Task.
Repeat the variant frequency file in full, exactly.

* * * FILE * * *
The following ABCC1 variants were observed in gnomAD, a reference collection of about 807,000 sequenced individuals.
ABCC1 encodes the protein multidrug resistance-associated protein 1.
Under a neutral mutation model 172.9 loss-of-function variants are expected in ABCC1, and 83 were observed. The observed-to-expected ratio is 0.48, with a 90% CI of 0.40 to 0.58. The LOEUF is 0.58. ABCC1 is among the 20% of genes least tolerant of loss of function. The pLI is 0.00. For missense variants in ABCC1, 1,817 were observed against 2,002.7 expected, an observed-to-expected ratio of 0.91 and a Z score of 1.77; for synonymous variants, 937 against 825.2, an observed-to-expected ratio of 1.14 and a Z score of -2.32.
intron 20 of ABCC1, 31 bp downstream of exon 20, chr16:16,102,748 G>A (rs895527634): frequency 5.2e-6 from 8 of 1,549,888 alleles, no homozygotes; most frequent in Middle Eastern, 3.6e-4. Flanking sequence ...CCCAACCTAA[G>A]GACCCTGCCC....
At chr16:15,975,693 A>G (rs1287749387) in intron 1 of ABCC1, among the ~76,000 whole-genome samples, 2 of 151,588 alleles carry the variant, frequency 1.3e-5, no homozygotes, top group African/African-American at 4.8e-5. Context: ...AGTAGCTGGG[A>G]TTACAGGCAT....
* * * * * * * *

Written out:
The following ABCC1 variants were observed in gnomAD, a reference collection of about 807,000 sequenced individuals.
ABCC1 encodes the protein multidrug resistance-associated protein 1.
Under a neutral mutation model 172.9 loss-of-function variants are expected in ABCC1, and 83 were observed. The observed-to-expected ratio is 0.48, with a 90% CI of 0.40 to 0.58. The LOEUF is 0.58. ABCC1 is among the 20% of genes least tolerant of loss of function. The pLI is 0.00. For missense variants in ABCC1, 1,817 were observed against 2,002.7 expected, an observed-to-expected ratio of 0.91 and a Z score of 1.77; for synonymous variants, 937 against 825.2, an observed-to-expected ratio of 1.14 and a Z score of -2.32.
intron 20 of ABCC1, 31 bp downstream of exon 20, chr16:16,102,748 G>A (rs895527634): frequency 5.2e-6 from 8 of 1,549,888 alleles, no homozygotes; most frequent in Middle Eastern, 3.6e-4. Flanking sequence ...CCCAACCTAA[G>A]GACCCTGCCC....
At chr16:15,975,693 A>G (rs1287749387) in intron 1 of ABCC1, among the ~76,000 whole-genome samples, 2 of 151,588 alleles carry the variant, frequency 1.3e-5, no homozygotes, top group African/African-American at 4.8e-5. Context: ...AGTAGCTGGG[A>G]TTACAGGCAT....